A prison trustee rescues a despondent executioner from a bar-room brawl, and is blamed for the fight by a tabloid reporter who actually started it, and loses parole, becomes embittered, and gets blamed for murder of guard.
Doctor, is it true that through your experiments in endocrine glands you can cure crime?
What about this crime cure?
Dr. Herbert Stander:
Boys, after the grand jury's decision, I'll have a statement to make. If making a criminal mind is normal... than I'll be indicted.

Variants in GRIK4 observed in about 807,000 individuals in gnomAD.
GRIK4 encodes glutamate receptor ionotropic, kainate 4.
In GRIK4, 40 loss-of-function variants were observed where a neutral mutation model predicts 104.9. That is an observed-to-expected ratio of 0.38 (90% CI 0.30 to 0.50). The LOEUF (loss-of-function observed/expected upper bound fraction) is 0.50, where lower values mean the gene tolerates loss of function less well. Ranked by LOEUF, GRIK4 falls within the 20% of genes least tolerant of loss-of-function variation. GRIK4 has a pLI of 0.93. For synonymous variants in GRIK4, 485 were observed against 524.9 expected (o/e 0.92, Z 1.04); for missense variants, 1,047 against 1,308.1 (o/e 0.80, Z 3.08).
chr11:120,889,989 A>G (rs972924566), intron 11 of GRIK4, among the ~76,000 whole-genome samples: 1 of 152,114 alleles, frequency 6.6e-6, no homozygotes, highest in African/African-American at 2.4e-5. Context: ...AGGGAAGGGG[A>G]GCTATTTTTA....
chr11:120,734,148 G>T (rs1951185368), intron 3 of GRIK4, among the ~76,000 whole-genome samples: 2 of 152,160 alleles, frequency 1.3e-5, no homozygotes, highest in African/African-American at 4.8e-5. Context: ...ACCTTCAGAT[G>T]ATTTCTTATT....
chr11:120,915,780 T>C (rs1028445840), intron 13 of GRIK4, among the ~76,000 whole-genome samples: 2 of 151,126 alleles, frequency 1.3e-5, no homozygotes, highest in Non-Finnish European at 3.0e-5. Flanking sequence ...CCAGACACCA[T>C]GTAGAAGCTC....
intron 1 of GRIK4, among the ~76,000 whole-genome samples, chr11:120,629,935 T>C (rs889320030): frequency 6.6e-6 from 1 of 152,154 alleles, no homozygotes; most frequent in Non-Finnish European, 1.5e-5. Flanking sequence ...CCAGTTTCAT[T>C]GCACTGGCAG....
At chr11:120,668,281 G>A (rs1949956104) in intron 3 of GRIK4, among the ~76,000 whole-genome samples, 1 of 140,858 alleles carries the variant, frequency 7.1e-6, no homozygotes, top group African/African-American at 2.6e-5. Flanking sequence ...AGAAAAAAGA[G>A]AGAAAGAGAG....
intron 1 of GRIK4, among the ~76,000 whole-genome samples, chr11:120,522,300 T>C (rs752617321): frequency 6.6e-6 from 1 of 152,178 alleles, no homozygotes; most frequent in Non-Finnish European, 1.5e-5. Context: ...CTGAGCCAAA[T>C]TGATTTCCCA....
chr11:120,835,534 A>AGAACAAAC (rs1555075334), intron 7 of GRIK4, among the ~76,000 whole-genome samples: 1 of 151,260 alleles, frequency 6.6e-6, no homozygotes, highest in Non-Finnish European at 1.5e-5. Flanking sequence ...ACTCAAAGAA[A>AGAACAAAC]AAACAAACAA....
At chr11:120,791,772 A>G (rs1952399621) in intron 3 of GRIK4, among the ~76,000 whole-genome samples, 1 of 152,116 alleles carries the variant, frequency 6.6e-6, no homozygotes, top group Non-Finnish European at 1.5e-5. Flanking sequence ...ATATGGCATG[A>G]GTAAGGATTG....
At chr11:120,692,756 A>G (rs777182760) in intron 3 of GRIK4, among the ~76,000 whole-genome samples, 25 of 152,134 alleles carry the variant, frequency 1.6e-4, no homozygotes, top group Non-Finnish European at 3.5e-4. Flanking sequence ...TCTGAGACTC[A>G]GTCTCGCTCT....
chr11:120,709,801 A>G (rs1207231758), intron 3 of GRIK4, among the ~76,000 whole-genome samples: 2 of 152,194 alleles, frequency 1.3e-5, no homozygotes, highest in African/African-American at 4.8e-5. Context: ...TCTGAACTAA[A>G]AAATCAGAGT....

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Jack London's short story "A Thousand Deaths" is virtually unrecognizable in this sluggish cinematic translation. For "Torture Ship", the self-described protagonist becomes Lyle Talbot (as Bob Bennett). The original's father is now uncle Irving Pichel (as Herbert Stander). A mad doctor, Mr. Pichel has isolated what he calls, "The active ingredient of the endocrine glands governing criminality." Pichel takes Mr. Talbot, some aides, and some crooks on a cruise to experimentation. Talbot is "free from criminal taint," but becomes temporarily mean. Additional nastiness ensues...